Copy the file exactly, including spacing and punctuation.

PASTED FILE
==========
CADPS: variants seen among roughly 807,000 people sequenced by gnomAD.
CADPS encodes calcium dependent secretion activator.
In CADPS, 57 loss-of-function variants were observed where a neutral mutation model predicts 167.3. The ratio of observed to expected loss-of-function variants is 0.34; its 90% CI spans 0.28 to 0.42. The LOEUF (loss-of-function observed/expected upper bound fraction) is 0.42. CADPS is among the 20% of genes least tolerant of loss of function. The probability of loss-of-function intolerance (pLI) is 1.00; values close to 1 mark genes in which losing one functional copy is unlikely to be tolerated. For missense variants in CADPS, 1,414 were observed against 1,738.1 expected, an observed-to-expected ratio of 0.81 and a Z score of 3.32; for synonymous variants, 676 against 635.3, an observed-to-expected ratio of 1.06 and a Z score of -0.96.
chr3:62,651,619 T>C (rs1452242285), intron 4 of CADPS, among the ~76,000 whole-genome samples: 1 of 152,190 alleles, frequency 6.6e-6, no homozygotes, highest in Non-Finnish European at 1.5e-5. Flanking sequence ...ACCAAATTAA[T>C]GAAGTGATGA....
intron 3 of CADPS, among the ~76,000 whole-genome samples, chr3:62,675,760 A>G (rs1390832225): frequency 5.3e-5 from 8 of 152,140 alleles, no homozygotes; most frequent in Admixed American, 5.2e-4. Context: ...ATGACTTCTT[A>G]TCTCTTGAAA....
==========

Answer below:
CADPS: variants seen among roughly 807,000 people sequenced by gnomAD.
CADPS encodes calcium dependent secretion activator.
In CADPS, 57 loss-of-function variants were observed where a neutral mutation model predicts 167.3. The ratio of observed to expected loss-of-function variants is 0.34; its 90% CI spans 0.28 to 0.42. The LOEUF (loss-of-function observed/expected upper bound fraction) is 0.42. CADPS is among the 20% of genes least tolerant of loss of function. The probability of loss-of-function intolerance (pLI) is 1.00; values close to 1 mark genes in which losing one functional copy is unlikely to be tolerated. For missense variants in CADPS, 1,414 were observed against 1,738.1 expected, an observed-to-expected ratio of 0.81 and a Z score of 3.32; for synonymous variants, 676 against 635.3, an observed-to-expected ratio of 1.06 and a Z score of -0.96.
chr3:62,651,619 T>C (rs1452242285), intron 4 of CADPS, among the ~76,000 whole-genome samples: 1 of 152,190 alleles, frequency 6.6e-6, no homozygotes, highest in Non-Finnish European at 1.5e-5. Flanking sequence ...ACCAAATTAA[T>C]GAAGTGATGA....
intron 3 of CADPS, among the ~76,000 whole-genome samples, chr3:62,675,760 A>G (rs1390832225): frequency 5.3e-5 from 8 of 152,140 alleles, no homozygotes; most frequent in Admixed American, 5.2e-4. Context: ...ATGACTTCTT[A>G]TCTCTTGAAA....